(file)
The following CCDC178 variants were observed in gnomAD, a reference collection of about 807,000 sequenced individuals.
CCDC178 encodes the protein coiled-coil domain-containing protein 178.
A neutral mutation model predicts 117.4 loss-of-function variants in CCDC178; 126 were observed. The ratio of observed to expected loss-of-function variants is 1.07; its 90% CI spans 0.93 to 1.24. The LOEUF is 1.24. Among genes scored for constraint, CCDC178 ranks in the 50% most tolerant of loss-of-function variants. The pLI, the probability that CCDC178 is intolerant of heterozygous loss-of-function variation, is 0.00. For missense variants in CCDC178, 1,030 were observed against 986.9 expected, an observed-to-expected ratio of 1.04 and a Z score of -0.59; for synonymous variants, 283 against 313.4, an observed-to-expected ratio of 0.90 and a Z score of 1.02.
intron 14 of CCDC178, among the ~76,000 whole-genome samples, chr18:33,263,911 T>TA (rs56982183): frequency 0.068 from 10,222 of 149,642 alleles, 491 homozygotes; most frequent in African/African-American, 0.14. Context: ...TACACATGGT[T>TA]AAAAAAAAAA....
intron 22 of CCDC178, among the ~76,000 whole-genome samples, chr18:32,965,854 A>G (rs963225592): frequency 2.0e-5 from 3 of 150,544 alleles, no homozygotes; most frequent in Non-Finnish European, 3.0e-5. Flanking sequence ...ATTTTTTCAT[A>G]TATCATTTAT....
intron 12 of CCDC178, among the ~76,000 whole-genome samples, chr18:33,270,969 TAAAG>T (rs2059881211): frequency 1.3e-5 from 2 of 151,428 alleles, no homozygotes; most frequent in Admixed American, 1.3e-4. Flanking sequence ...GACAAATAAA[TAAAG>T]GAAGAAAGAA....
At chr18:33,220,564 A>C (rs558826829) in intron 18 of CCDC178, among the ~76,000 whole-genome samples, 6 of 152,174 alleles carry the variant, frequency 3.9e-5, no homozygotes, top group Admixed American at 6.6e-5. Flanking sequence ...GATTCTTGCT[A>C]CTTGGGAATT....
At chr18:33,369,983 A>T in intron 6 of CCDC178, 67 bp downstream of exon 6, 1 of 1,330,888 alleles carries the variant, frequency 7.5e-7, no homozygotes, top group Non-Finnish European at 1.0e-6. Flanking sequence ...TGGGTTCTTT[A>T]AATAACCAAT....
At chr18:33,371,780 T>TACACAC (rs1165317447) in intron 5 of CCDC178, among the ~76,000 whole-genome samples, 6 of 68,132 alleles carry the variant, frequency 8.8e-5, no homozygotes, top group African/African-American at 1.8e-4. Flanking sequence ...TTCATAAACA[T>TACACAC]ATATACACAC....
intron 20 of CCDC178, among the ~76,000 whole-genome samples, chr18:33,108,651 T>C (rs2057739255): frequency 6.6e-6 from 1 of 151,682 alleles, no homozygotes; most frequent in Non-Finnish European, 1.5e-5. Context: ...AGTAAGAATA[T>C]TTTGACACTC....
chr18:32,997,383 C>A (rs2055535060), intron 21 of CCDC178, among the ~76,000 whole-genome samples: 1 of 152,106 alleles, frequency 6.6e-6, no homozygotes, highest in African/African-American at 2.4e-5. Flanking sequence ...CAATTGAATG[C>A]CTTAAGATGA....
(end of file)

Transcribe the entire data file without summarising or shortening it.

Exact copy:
The following CCDC178 variants were observed in gnomAD, a reference collection of about 807,000 sequenced individuals.
CCDC178 encodes the protein coiled-coil domain-containing protein 178.
A neutral mutation model predicts 117.4 loss-of-function variants in CCDC178; 126 were observed. The ratio of observed to expected loss-of-function variants is 1.07; its 90% CI spans 0.93 to 1.24. The LOEUF is 1.24. Among genes scored for constraint, CCDC178 ranks in the 50% most tolerant of loss-of-function variants. The pLI, the probability that CCDC178 is intolerant of heterozygous loss-of-function variation, is 0.00. For missense variants in CCDC178, 1,030 were observed against 986.9 expected, an observed-to-expected ratio of 1.04 and a Z score of -0.59; for synonymous variants, 283 against 313.4, an observed-to-expected ratio of 0.90 and a Z score of 1.02.
intron 14 of CCDC178, among the ~76,000 whole-genome samples, chr18:33,263,911 T>TA (rs56982183): frequency 0.068 from 10,222 of 149,642 alleles, 491 homozygotes; most frequent in African/African-American, 0.14. Context: ...TACACATGGT[T>TA]AAAAAAAAAA....
intron 22 of CCDC178, among the ~76,000 whole-genome samples, chr18:32,965,854 A>G (rs963225592): frequency 2.0e-5 from 3 of 150,544 alleles, no homozygotes; most frequent in Non-Finnish European, 3.0e-5. Flanking sequence ...ATTTTTTCAT[A>G]TATCATTTAT....
intron 12 of CCDC178, among the ~76,000 whole-genome samples, chr18:33,270,969 TAAAG>T (rs2059881211): frequency 1.3e-5 from 2 of 151,428 alleles, no homozygotes; most frequent in Admixed American, 1.3e-4. Flanking sequence ...GACAAATAAA[TAAAG>T]GAAGAAAGAA....
At chr18:33,220,564 A>C (rs558826829) in intron 18 of CCDC178, among the ~76,000 whole-genome samples, 6 of 152,174 alleles carry the variant, frequency 3.9e-5, no homozygotes, top group Admixed American at 6.6e-5. Flanking sequence ...GATTCTTGCT[A>C]CTTGGGAATT....
At chr18:33,369,983 A>T in intron 6 of CCDC178, 67 bp downstream of exon 6, 1 of 1,330,888 alleles carries the variant, frequency 7.5e-7, no homozygotes, top group Non-Finnish European at 1.0e-6. Flanking sequence ...TGGGTTCTTT[A>T]AATAACCAAT....
At chr18:33,371,780 T>TACACAC (rs1165317447) in intron 5 of CCDC178, among the ~76,000 whole-genome samples, 6 of 68,132 alleles carry the variant, frequency 8.8e-5, no homozygotes, top group African/African-American at 1.8e-4. Flanking sequence ...TTCATAAACA[T>TACACAC]ATATACACAC....
intron 20 of CCDC178, among the ~76,000 whole-genome samples, chr18:33,108,651 T>C (rs2057739255): frequency 6.6e-6 from 1 of 151,682 alleles, no homozygotes; most frequent in Non-Finnish European, 1.5e-5. Context: ...AGTAAGAATA[T>C]TTTGACACTC....
chr18:32,997,383 C>A (rs2055535060), intron 21 of CCDC178, among the ~76,000 whole-genome samples: 1 of 152,106 alleles, frequency 6.6e-6, no homozygotes, highest in African/African-American at 2.4e-5. Flanking sequence ...CAATTGAATG[C>A]CTTAAGATGA....